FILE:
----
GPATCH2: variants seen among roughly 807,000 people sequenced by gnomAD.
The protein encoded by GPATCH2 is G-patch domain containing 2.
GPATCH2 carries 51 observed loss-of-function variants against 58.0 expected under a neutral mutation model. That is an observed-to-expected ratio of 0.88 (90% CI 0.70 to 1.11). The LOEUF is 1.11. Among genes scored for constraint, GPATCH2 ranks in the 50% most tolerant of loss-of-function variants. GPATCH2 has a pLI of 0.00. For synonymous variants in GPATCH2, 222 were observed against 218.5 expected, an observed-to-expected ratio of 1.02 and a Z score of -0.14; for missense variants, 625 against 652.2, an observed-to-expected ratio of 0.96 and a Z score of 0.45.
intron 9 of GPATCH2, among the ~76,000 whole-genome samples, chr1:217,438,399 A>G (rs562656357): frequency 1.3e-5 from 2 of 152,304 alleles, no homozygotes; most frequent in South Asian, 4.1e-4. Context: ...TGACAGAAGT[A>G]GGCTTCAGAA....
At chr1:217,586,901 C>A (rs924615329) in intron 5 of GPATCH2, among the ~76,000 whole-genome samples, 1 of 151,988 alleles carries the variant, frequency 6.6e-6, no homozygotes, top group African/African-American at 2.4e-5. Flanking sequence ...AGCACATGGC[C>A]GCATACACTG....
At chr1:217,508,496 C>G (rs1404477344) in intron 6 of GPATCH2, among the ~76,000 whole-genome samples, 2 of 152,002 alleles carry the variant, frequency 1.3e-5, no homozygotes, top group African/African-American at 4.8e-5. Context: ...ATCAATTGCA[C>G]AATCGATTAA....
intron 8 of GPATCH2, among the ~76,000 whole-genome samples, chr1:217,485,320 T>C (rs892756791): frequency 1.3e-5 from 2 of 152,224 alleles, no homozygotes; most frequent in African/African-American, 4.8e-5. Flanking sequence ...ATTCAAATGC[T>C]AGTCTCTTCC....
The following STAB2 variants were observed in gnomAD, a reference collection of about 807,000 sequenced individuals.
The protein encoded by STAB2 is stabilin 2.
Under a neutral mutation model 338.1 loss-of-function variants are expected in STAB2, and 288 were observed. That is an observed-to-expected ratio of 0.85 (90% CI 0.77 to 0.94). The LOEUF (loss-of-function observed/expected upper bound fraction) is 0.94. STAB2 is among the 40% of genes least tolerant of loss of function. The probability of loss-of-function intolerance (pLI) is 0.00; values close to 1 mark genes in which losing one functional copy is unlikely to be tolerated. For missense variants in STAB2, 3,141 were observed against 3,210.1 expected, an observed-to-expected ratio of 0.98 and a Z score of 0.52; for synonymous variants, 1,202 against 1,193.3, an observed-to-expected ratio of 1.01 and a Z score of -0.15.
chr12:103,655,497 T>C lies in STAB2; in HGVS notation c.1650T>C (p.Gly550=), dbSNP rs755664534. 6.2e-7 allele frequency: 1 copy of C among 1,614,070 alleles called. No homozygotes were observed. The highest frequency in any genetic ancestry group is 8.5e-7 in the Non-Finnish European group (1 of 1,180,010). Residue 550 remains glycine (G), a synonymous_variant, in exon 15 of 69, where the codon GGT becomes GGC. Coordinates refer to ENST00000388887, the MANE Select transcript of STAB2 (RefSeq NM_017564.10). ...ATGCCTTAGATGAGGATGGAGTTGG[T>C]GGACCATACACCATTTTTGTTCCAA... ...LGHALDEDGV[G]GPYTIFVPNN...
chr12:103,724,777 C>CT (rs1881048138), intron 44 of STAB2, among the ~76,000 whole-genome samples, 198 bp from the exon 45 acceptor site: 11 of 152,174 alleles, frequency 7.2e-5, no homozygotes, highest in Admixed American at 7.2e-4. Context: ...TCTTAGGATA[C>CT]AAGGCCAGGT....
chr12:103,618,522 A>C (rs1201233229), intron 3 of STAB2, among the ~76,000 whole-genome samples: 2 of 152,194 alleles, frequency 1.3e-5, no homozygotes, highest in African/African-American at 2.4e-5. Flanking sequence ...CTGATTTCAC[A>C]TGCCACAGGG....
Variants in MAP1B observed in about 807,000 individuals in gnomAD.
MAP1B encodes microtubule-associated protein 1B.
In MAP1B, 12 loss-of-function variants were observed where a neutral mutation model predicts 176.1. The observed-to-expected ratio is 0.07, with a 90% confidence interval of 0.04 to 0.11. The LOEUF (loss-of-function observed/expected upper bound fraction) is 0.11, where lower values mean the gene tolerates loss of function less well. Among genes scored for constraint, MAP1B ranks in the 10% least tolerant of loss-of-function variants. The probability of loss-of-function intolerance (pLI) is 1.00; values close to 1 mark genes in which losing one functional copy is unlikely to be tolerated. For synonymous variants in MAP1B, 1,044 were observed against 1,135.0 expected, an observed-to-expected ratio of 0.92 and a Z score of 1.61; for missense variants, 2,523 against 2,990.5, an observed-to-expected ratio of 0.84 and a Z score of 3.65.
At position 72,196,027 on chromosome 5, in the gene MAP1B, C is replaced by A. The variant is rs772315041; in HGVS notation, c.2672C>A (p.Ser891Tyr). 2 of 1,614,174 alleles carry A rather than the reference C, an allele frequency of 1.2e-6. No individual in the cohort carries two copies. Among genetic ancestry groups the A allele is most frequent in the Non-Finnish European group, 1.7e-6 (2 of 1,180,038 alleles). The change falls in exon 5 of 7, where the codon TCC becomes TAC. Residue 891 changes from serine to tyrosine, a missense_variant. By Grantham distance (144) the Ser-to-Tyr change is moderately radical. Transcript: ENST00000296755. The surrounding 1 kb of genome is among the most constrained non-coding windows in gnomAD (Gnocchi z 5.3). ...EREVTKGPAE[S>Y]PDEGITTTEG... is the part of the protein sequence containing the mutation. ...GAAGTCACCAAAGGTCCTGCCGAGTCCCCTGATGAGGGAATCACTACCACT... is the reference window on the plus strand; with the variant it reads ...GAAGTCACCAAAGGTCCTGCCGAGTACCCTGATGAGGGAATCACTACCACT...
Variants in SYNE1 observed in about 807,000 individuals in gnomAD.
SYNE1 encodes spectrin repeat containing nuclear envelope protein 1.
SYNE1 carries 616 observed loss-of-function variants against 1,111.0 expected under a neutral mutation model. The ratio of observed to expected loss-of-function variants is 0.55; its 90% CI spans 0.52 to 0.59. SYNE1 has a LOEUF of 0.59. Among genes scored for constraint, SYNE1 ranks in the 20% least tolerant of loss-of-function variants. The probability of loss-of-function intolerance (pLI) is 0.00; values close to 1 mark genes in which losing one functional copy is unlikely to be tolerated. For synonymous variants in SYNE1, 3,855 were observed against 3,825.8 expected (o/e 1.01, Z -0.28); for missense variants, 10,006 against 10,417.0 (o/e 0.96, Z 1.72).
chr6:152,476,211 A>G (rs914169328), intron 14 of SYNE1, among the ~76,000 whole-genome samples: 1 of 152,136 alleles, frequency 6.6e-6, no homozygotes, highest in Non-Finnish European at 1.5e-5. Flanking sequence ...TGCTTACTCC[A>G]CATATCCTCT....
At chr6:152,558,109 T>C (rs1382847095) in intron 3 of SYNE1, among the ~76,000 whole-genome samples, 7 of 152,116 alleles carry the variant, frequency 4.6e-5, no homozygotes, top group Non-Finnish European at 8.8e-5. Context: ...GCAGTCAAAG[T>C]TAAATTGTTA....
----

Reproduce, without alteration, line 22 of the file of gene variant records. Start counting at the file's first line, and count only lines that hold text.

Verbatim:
At chr6:152,558,109 T>C (rs1382847095) in intron 3 of SYNE1, among the ~76,000 whole-genome samples, 7 of 152,116 alleles carry the variant, frequency 4.6e-5, no homozygotes, top group Non-Finnish European at 8.8e-5. Context: ...GCAGTCAAAG[T>C]TAAATTGTTA....